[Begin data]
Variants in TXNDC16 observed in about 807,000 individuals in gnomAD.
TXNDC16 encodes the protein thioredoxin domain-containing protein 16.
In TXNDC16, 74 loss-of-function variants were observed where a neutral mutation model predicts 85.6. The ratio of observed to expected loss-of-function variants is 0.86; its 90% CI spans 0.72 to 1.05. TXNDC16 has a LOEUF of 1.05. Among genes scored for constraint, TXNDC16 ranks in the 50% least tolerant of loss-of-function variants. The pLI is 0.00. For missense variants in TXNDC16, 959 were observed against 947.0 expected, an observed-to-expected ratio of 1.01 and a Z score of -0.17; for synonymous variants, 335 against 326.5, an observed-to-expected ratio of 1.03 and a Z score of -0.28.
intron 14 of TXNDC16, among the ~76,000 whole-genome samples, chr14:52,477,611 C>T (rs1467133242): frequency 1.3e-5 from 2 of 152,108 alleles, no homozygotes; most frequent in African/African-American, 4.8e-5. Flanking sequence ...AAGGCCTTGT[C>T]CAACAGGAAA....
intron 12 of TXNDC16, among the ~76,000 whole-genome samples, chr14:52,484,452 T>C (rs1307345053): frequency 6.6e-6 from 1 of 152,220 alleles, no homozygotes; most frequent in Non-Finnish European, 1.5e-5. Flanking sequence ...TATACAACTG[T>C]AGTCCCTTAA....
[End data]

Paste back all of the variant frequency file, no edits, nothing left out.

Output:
Variants in TXNDC16 observed in about 807,000 individuals in gnomAD.
TXNDC16 encodes the protein thioredoxin domain-containing protein 16.
In TXNDC16, 74 loss-of-function variants were observed where a neutral mutation model predicts 85.6. The ratio of observed to expected loss-of-function variants is 0.86; its 90% CI spans 0.72 to 1.05. TXNDC16 has a LOEUF of 1.05. Among genes scored for constraint, TXNDC16 ranks in the 50% least tolerant of loss-of-function variants. The pLI is 0.00. For missense variants in TXNDC16, 959 were observed against 947.0 expected, an observed-to-expected ratio of 1.01 and a Z score of -0.17; for synonymous variants, 335 against 326.5, an observed-to-expected ratio of 1.03 and a Z score of -0.28.
intron 14 of TXNDC16, among the ~76,000 whole-genome samples, chr14:52,477,611 C>T (rs1467133242): frequency 1.3e-5 from 2 of 152,108 alleles, no homozygotes; most frequent in African/African-American, 4.8e-5. Flanking sequence ...AAGGCCTTGT[C>T]CAACAGGAAA....
intron 12 of TXNDC16, among the ~76,000 whole-genome samples, chr14:52,484,452 T>C (rs1307345053): frequency 6.6e-6 from 1 of 152,220 alleles, no homozygotes; most frequent in Non-Finnish European, 1.5e-5. Flanking sequence ...TATACAACTG[T>C]AGTCCCTTAA....